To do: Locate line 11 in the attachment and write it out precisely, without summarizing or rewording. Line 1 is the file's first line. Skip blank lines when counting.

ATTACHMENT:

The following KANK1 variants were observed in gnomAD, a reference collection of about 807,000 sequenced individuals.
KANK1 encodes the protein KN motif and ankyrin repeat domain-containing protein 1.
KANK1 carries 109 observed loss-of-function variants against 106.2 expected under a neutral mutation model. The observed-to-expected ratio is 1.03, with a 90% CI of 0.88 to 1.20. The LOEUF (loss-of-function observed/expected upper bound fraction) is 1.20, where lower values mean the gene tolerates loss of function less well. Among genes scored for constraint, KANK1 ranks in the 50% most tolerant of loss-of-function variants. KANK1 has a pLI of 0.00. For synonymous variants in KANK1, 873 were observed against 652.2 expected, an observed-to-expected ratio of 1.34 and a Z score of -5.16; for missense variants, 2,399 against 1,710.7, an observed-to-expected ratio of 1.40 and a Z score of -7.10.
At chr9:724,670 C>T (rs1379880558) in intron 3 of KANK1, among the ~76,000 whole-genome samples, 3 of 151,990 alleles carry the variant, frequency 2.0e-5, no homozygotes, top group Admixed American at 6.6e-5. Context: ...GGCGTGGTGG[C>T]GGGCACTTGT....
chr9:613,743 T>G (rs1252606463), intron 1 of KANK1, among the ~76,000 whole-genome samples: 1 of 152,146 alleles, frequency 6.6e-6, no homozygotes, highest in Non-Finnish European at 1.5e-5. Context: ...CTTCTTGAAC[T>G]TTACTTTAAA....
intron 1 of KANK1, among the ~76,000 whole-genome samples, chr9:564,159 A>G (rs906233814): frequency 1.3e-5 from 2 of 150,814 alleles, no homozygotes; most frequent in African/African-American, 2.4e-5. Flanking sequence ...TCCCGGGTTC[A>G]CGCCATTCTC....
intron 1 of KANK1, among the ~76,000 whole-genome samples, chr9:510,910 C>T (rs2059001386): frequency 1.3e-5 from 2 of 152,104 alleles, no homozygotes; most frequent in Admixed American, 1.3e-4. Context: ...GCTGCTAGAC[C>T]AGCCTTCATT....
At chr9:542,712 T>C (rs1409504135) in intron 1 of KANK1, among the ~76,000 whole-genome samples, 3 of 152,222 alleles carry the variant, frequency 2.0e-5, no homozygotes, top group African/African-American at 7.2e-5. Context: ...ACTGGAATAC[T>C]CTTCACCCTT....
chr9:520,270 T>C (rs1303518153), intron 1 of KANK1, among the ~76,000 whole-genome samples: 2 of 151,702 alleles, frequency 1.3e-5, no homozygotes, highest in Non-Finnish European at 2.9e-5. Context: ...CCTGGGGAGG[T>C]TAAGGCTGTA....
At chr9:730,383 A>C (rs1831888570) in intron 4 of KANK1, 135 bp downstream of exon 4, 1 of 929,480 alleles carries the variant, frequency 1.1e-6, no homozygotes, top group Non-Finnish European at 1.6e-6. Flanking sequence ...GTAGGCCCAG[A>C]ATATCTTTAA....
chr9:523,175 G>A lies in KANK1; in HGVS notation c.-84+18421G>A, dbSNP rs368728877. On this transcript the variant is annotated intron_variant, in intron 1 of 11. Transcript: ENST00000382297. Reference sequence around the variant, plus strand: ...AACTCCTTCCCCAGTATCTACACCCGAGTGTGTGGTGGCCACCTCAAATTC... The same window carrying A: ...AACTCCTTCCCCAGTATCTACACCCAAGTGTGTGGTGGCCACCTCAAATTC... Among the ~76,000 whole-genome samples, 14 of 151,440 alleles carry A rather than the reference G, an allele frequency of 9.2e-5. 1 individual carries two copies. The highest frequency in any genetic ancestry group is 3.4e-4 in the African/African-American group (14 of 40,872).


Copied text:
chr9:523,175 G>A lies in KANK1; in HGVS notation c.-84+18421G>A, dbSNP rs368728877. On this transcript the variant is annotated intron_variant, in intron 1 of 11. Transcript: ENST00000382297. Reference sequence around the variant, plus strand: ...AACTCCTTCCCCAGTATCTACACCCGAGTGTGTGGTGGCCACCTCAAATTC... The same window carrying A: ...AACTCCTTCCCCAGTATCTACACCCAAGTGTGTGGTGGCCACCTCAAATTC... Among the ~76,000 whole-genome samples, 14 of 151,440 alleles carry A rather than the reference G, an allele frequency of 9.2e-5. 1 individual carries two copies. The highest frequency in any genetic ancestry group is 3.4e-4 in the African/African-American group (14 of 40,872).